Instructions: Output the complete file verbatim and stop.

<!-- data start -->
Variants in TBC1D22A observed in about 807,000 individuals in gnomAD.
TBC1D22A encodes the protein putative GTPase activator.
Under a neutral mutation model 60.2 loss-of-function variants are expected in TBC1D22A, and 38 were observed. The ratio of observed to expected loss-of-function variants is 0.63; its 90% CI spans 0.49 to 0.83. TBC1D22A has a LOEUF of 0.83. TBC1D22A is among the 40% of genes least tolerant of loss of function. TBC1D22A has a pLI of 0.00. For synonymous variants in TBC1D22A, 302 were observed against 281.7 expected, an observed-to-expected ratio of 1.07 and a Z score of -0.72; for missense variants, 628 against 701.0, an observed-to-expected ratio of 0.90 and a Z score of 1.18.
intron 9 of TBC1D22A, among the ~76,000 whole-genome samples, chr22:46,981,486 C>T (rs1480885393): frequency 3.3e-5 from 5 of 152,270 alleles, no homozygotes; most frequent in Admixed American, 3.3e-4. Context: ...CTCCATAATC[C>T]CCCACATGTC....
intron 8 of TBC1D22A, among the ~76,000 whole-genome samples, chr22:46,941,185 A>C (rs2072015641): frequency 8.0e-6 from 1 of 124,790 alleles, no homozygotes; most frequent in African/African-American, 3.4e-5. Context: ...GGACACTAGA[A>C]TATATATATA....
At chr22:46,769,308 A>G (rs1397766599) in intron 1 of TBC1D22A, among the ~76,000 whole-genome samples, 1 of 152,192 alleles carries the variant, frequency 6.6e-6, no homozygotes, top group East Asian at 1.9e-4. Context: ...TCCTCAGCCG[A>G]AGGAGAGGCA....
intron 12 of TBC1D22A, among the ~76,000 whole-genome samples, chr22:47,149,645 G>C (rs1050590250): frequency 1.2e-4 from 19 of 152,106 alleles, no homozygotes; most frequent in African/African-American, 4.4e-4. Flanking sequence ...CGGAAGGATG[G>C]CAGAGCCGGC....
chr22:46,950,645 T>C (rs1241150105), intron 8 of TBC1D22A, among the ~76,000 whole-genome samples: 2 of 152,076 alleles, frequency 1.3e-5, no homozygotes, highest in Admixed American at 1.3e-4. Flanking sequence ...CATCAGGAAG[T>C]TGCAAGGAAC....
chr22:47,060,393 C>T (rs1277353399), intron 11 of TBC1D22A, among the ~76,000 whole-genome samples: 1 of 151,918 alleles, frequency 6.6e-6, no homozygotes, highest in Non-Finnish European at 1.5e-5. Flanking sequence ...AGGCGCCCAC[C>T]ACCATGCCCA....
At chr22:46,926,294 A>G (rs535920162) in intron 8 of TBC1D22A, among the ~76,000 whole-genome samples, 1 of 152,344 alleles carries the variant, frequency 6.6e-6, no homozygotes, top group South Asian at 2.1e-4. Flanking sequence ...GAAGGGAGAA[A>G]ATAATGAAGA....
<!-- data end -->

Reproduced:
Variants in TBC1D22A observed in about 807,000 individuals in gnomAD.
TBC1D22A encodes the protein putative GTPase activator.
Under a neutral mutation model 60.2 loss-of-function variants are expected in TBC1D22A, and 38 were observed. The ratio of observed to expected loss-of-function variants is 0.63; its 90% CI spans 0.49 to 0.83. TBC1D22A has a LOEUF of 0.83. TBC1D22A is among the 40% of genes least tolerant of loss of function. TBC1D22A has a pLI of 0.00. For synonymous variants in TBC1D22A, 302 were observed against 281.7 expected, an observed-to-expected ratio of 1.07 and a Z score of -0.72; for missense variants, 628 against 701.0, an observed-to-expected ratio of 0.90 and a Z score of 1.18.
intron 9 of TBC1D22A, among the ~76,000 whole-genome samples, chr22:46,981,486 C>T (rs1480885393): frequency 3.3e-5 from 5 of 152,270 alleles, no homozygotes; most frequent in Admixed American, 3.3e-4. Context: ...CTCCATAATC[C>T]CCCACATGTC....
intron 8 of TBC1D22A, among the ~76,000 whole-genome samples, chr22:46,941,185 A>C (rs2072015641): frequency 8.0e-6 from 1 of 124,790 alleles, no homozygotes; most frequent in African/African-American, 3.4e-5. Context: ...GGACACTAGA[A>C]TATATATATA....
At chr22:46,769,308 A>G (rs1397766599) in intron 1 of TBC1D22A, among the ~76,000 whole-genome samples, 1 of 152,192 alleles carries the variant, frequency 6.6e-6, no homozygotes, top group East Asian at 1.9e-4. Context: ...TCCTCAGCCG[A>G]AGGAGAGGCA....
intron 12 of TBC1D22A, among the ~76,000 whole-genome samples, chr22:47,149,645 G>C (rs1050590250): frequency 1.2e-4 from 19 of 152,106 alleles, no homozygotes; most frequent in African/African-American, 4.4e-4. Flanking sequence ...CGGAAGGATG[G>C]CAGAGCCGGC....
chr22:46,950,645 T>C (rs1241150105), intron 8 of TBC1D22A, among the ~76,000 whole-genome samples: 2 of 152,076 alleles, frequency 1.3e-5, no homozygotes, highest in Admixed American at 1.3e-4. Flanking sequence ...CATCAGGAAG[T>C]TGCAAGGAAC....
chr22:47,060,393 C>T (rs1277353399), intron 11 of TBC1D22A, among the ~76,000 whole-genome samples: 1 of 151,918 alleles, frequency 6.6e-6, no homozygotes, highest in Non-Finnish European at 1.5e-5. Flanking sequence ...AGGCGCCCAC[C>T]ACCATGCCCA....
At chr22:46,926,294 A>G (rs535920162) in intron 8 of TBC1D22A, among the ~76,000 whole-genome samples, 1 of 152,344 alleles carries the variant, frequency 6.6e-6, no homozygotes, top group South Asian at 2.1e-4. Flanking sequence ...GAAGGGAGAA[A>G]ATAATGAAGA....